A main concern among many Republicans across the nation is the future of the Republican Party. Is the “Grand Old Party” falling apart? How does this division of the GOP affect the nation and the outcome of past and future elections?
Can the GOP win the White House and gain a majority in the Senate again? That is the question Republicans in Congress and Republican governors need to consider before taking any action that could possibly make the Republican Party appear as radical.
Where exactly does this division of the party occur? Well, the members are all united on the issue of limited government and low taxes, but how “far right” should they express themselves? This is where the degree of this division occurs.
Republicans are united on the drive to get rid of Obamacare, but the way that they want it to be done is where their beliefs differ. Some Republicans just wanted to postpone the implementation of Obamacare for a year, but some wanted to completely do away with it.
Republicans on the far right, such as Sen. Ted Cruz, R-Texas, may have appeared as radical to people of his party. The reason why he fought so hard for this was because he is a minority in the Senate, and with his filibuster, he was really just trying to do whatever he could to support his fellow Republicans in the House and help them with their cause.
Cruz knew that it would be tough for the Senate to agree with the House on this issue, and as a conservative, he fought hard for this. In this case, I understand why he thought that this was necessary, especially when the Democrats in his chamber say that they “refuse to negotiate” on this issue.
Now sometimes, there are instances when candidates should watch what they say because it can affect the outcome of results in elections. Because of former Missouri Rep. Todd Akin’s “legitimate rape” statement and Richard Mourdock of Indiana’s statement saying that a child born from a rape is a “gift from God,” Republicans lost two Senate seats.
Of course, one can argue that these are just slip-ups that they probably didn’t actually mean. The Republicans aren’t the only ones that have done this, because we all know that our Democratic vice president is famous for that.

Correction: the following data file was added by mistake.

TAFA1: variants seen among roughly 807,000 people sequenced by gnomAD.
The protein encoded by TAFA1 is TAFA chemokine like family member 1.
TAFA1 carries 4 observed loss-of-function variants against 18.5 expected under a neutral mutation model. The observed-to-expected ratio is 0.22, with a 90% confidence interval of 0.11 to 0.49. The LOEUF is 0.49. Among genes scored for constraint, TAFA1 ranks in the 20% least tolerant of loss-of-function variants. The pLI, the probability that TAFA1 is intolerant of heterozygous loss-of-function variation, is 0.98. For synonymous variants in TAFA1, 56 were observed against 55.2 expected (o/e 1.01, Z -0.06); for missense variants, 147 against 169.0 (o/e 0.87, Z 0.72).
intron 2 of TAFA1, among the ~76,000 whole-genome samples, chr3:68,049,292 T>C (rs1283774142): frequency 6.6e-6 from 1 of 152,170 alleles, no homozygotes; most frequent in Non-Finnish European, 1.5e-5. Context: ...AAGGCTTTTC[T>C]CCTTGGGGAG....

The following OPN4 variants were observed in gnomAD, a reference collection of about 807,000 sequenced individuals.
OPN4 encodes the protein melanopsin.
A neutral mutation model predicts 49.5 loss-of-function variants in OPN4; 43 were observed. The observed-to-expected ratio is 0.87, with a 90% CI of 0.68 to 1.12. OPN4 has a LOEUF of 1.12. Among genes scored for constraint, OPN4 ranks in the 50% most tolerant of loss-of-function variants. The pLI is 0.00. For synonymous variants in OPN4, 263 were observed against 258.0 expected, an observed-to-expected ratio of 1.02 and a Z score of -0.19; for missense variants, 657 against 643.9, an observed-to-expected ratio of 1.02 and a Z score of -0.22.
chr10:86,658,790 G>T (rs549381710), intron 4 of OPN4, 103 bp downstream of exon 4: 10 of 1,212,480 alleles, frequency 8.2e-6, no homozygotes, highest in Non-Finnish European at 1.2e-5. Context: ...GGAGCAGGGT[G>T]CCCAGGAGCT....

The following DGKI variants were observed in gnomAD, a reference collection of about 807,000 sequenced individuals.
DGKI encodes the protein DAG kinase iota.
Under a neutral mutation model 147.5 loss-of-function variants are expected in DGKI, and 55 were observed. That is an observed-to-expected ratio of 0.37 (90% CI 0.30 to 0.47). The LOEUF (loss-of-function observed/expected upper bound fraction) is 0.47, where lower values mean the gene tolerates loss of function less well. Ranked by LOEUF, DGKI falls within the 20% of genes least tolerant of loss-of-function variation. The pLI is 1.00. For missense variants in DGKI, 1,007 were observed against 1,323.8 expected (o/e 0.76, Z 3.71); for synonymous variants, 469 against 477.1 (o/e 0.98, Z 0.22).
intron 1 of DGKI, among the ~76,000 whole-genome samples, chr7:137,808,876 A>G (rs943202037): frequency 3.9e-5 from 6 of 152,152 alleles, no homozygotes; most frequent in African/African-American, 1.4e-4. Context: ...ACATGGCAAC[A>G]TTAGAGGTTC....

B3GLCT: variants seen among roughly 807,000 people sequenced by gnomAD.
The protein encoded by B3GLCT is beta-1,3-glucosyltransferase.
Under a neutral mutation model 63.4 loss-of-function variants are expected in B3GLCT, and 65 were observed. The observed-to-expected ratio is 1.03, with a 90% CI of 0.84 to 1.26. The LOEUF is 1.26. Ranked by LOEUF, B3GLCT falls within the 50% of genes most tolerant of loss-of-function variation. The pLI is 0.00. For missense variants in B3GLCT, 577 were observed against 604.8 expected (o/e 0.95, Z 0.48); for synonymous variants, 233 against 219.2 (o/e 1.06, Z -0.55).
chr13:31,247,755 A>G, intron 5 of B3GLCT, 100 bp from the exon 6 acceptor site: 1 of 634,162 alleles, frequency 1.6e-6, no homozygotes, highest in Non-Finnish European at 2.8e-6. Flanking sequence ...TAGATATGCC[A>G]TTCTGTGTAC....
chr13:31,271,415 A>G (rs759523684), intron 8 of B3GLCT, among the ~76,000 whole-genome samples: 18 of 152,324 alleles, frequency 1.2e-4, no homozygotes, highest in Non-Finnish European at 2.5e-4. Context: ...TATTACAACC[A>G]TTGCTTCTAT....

Other differences exist on beliefs on foreign policy and immigration. Sen. John McCain, R-Ariz., wanted to strike Syria, while the majority of Republicans in Congress were against this. Cruz and Sen. Marco Rubio, R-Fla., disagreed over the immigration legislation. Also, Sen. Rand Paul, R-Ky., and New Jersey Gov. Chris Christie battled over domestic surveillance and the cost of preventing terrorism. Because of these differences among these potential 2016 leaders, I am curious to see the outcome of the 2016 Republican primaries.
There is a continuing fight between Republicans, Libertarians and the Tea Party. In 2010, the Tea Party went against the traditional Republican establishment, and this division became more distinct.
The Libertarian Party is another concern for Republicans. If Republicans elect Libertarians to Congress, they may be convinced by the Democrats to pass legislation. It’s not just the Libertarians though, because they tend to lean right on economic issues, but left on social issues. Basically, any Republican that may appear as too moderate could be a concern for this reason.
What Republicans should do prior to an election is not appear too radical or too moderate, so that they can at least get elected. Then, their issues can be debated in Congress. They all want to get to the same place, but the question is how to get there. What the Republicans need for congressional elections and the 2016 presidential election are strong conservatives not afraid to stand up for their party’s ideas, but also not too radical.